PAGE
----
Wayne Rooney announced his retirement from the England national team on Wednesday, ending a 14-year stint in which he became the country’s top goalscorer with 53 goals.
Rooney said he had made the decision despite being told by England manager Gareth Southgate that he would be recalled to the squad for next month’s World Cup qualifiers.
“It was great that Gareth Southgate called me this week to tell me he wanted me back in the England squad for the upcoming matches. I really appreciated that,” the 31-year-old said in a statement.
“However, having already thought long and hard, I told Gareth that I had now decided to retire for good from international football.
“It is a really tough decision and one I have discussed with my family, my manager at Everton and those closest to me.”
“Every time I was selected as a player or captain was a real privilege and I thank everyone who helped me. But I believe now is the time to bow out,” he added.
Rooney’s decision comes two days after he scored for Everton in their 1-1 draw at Manchester City in the Premier League and was widely praised for his performance.
It was Rooney’s second goal in as many games for the club he rejoined last month after spending 13 years with Manchester United and prompted speculation over an England recall.
But the Liverpudlian has decided to concentrate all his efforts on his club career.
“Leaving Manchester United was a tough call but I know I made the right decision in coming home to Everton. Now I want to focus all my energies on helping them be successful,” he said.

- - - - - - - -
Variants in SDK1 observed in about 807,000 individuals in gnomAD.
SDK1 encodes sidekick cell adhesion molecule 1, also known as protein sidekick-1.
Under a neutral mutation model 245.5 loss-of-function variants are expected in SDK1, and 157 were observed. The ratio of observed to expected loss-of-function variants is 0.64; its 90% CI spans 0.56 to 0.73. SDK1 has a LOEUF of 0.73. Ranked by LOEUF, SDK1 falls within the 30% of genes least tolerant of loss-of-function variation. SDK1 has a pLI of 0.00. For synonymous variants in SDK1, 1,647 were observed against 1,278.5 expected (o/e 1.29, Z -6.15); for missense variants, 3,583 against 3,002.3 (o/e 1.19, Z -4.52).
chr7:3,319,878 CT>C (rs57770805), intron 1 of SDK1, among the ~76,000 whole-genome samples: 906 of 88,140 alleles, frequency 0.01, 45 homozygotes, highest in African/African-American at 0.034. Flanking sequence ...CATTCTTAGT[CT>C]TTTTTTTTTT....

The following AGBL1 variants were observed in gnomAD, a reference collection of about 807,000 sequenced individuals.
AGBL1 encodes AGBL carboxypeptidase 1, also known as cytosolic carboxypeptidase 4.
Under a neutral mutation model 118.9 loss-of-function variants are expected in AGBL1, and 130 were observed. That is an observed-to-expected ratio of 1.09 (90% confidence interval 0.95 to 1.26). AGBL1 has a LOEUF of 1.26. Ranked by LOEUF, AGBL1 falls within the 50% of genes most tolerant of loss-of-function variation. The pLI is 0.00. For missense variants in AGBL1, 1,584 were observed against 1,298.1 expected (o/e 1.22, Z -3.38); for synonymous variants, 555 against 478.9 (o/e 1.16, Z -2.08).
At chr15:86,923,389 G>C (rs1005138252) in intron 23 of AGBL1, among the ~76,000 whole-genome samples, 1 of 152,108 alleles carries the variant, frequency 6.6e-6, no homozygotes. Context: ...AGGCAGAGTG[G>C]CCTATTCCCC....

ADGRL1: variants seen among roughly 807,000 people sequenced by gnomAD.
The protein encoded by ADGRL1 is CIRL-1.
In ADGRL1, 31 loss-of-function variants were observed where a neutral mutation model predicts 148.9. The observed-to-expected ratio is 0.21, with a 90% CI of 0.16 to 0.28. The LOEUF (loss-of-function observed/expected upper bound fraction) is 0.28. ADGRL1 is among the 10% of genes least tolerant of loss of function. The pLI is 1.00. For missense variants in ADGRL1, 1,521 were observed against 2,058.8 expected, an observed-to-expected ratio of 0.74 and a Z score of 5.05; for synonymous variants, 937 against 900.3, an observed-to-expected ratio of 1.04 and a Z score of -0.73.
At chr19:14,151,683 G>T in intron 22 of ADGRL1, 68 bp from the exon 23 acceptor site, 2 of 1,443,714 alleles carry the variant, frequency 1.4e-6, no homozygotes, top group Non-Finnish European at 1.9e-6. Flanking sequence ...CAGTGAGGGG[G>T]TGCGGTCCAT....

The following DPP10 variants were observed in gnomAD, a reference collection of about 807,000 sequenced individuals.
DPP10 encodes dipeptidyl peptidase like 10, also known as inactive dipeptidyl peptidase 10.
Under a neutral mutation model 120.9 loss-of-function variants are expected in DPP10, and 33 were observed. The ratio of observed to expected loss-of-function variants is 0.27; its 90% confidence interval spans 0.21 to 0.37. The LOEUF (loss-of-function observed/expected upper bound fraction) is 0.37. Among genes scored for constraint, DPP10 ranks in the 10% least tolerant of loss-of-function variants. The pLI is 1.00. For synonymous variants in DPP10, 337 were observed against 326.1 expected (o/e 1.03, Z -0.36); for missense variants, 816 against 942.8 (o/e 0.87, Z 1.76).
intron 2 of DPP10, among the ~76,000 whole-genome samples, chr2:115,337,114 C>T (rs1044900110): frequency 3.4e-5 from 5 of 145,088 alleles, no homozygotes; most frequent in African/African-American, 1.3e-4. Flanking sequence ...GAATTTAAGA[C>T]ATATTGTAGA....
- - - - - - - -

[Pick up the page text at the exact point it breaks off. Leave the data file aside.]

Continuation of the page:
Rooney earned his first cap against Australia in 2003 at the age of 17 years and 111 days to become the youngest player, at the time, to represent the national side. He also leaves as England’s most-capped outfield player with 119 appearances.
The former England captain has not played for his country since a 3-0 win over Scotland at Wembley last November.
Rooney’s goal on Monday meant he became only the second player to score 200 Premier League goals behind another former England striker Alan Shearer.
But while he won five Premier League titles and a Champions League, among other trophies, during his time at Old Trafford he remained without a medal for England, who have not won a major tournament since the World Cup in 1966.
“I will always remain a passionate England fan. One of my very few regrets is not to have been part of a successful England tournament side.
“Hopefully the exciting players Gareth is bringing through can take that ambition further and I hope everyone will get behind the team,” said Rooney, who believed he would eventually see England triumph.
“One day the dream will come true and I look forward to being there as a fan – or in any capacity.”